Old versionsSee all
Bitmessage is a client application that uses the communications protocol with the same name to guarantee your messages remain private. In this respect, Bitmessage encrypts not only the contents of the messages but also their metadata, such as sender and recipient information. What is more, since it is a peer-to-peer protocol, there are no centralized servers. Even addresses are generated automatically by the client.
Of course, there have always been other methods to send messages privately, but Bitmessage has the advantage of being much easier to use. In this regard, sending a message to someone only requires entering the recipient’s Bitmessage address, just like with regular emails.
The application has a tabbed interface, which compartmentalizes its various features. The Messages tab allows managing your identities and accessing the messages received, sent and erased. The Send tab has two panes: there is the address book and another to compose your messages. Likewise, there is the Subscriptions tab, which allows managing your subscriptions and viewing the messages received from them. The other tabs allow managing blacklists as well as monitoring network status.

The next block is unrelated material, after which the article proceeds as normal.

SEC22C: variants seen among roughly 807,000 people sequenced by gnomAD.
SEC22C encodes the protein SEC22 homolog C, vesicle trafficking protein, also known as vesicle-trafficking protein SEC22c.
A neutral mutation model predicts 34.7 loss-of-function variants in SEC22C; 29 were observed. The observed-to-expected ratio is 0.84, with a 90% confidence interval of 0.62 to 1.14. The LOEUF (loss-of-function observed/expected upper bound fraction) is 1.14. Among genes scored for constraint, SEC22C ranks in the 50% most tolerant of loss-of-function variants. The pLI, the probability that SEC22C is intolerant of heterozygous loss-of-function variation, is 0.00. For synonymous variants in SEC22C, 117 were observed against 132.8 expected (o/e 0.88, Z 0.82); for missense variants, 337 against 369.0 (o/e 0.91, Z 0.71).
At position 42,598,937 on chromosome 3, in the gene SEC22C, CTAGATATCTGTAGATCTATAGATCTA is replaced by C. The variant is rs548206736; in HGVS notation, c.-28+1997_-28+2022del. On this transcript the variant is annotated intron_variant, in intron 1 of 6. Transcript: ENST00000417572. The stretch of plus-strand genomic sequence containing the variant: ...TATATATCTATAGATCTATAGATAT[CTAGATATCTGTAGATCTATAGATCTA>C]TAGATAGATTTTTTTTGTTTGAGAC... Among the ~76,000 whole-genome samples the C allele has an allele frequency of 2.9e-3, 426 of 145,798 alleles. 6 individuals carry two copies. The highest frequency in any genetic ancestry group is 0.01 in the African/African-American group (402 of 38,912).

Receiving and composing messages is not very different from using a standard email client. For instance, the inbox shows your messages, along with other data like receiver, sender, subject and date. Moreover, you can use the column headers to sort them alphabetically or by date. Again, just like most email clients, it lets you perform such regular operations as replying, saving and deleting messages.
In a way similar to what is possible with some popular messaging apps, Bitmessage allows broadcasting a message to groups of people, who need to be subscribed to your address. Likewise, there are anonymous mailing lists, called “chans”, which allows a group of people to share the same decryption key. A chan has an address and everyone knowing the passphrase can read and post messages.
To conclude, Bitmessage takes messaging to a higher level of privacy and anonymity. Unfortunately, this protocol still has a limited userbase, so it is likely that you need to tell the intended recipients to embrace it if you want to communicate with them by this means. Finally, you should know that the tool is completely free to use.
- Uses strong encryption algorithms
- Allows multiple identities
- Supports broadcasting messages
- Limited userbase